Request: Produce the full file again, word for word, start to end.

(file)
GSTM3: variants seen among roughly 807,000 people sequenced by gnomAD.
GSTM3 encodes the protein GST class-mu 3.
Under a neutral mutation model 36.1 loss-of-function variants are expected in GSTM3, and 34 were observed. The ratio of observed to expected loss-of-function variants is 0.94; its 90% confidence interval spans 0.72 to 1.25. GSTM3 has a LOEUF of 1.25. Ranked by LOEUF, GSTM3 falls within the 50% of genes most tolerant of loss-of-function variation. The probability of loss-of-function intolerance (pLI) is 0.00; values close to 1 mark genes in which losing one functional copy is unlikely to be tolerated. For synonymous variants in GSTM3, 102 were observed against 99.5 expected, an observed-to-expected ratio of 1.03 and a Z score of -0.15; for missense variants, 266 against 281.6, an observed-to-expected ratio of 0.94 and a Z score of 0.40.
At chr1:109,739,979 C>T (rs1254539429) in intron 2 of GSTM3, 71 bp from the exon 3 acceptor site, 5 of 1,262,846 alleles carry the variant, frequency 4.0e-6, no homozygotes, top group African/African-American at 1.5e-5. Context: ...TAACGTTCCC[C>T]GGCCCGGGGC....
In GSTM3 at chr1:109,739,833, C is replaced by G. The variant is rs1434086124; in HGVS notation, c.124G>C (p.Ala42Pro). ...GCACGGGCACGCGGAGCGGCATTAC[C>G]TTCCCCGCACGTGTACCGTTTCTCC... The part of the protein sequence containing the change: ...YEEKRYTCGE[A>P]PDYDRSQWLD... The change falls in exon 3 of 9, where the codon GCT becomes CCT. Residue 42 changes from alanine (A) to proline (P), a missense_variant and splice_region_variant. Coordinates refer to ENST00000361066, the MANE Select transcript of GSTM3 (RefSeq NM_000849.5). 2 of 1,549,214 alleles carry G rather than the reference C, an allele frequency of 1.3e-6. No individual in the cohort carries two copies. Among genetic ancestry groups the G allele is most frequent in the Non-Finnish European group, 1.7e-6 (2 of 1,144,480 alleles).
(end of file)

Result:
GSTM3: variants seen among roughly 807,000 people sequenced by gnomAD.
GSTM3 encodes the protein GST class-mu 3.
Under a neutral mutation model 36.1 loss-of-function variants are expected in GSTM3, and 34 were observed. The ratio of observed to expected loss-of-function variants is 0.94; its 90% confidence interval spans 0.72 to 1.25. GSTM3 has a LOEUF of 1.25. Ranked by LOEUF, GSTM3 falls within the 50% of genes most tolerant of loss-of-function variation. The probability of loss-of-function intolerance (pLI) is 0.00; values close to 1 mark genes in which losing one functional copy is unlikely to be tolerated. For synonymous variants in GSTM3, 102 were observed against 99.5 expected, an observed-to-expected ratio of 1.03 and a Z score of -0.15; for missense variants, 266 against 281.6, an observed-to-expected ratio of 0.94 and a Z score of 0.40.
At chr1:109,739,979 C>T (rs1254539429) in intron 2 of GSTM3, 71 bp from the exon 3 acceptor site, 5 of 1,262,846 alleles carry the variant, frequency 4.0e-6, no homozygotes, top group African/African-American at 1.5e-5. Context: ...TAACGTTCCC[C>T]GGCCCGGGGC....
In GSTM3 at chr1:109,739,833, C is replaced by G. The variant is rs1434086124; in HGVS notation, c.124G>C (p.Ala42Pro). ...GCACGGGCACGCGGAGCGGCATTAC[C>G]TTCCCCGCACGTGTACCGTTTCTCC... The part of the protein sequence containing the change: ...YEEKRYTCGE[A>P]PDYDRSQWLD... The change falls in exon 3 of 9, where the codon GCT becomes CCT. Residue 42 changes from alanine (A) to proline (P), a missense_variant and splice_region_variant. Coordinates refer to ENST00000361066, the MANE Select transcript of GSTM3 (RefSeq NM_000849.5). 2 of 1,549,214 alleles carry G rather than the reference C, an allele frequency of 1.3e-6. No individual in the cohort carries two copies. Among genetic ancestry groups the G allele is most frequent in the Non-Finnish European group, 1.7e-6 (2 of 1,144,480 alleles).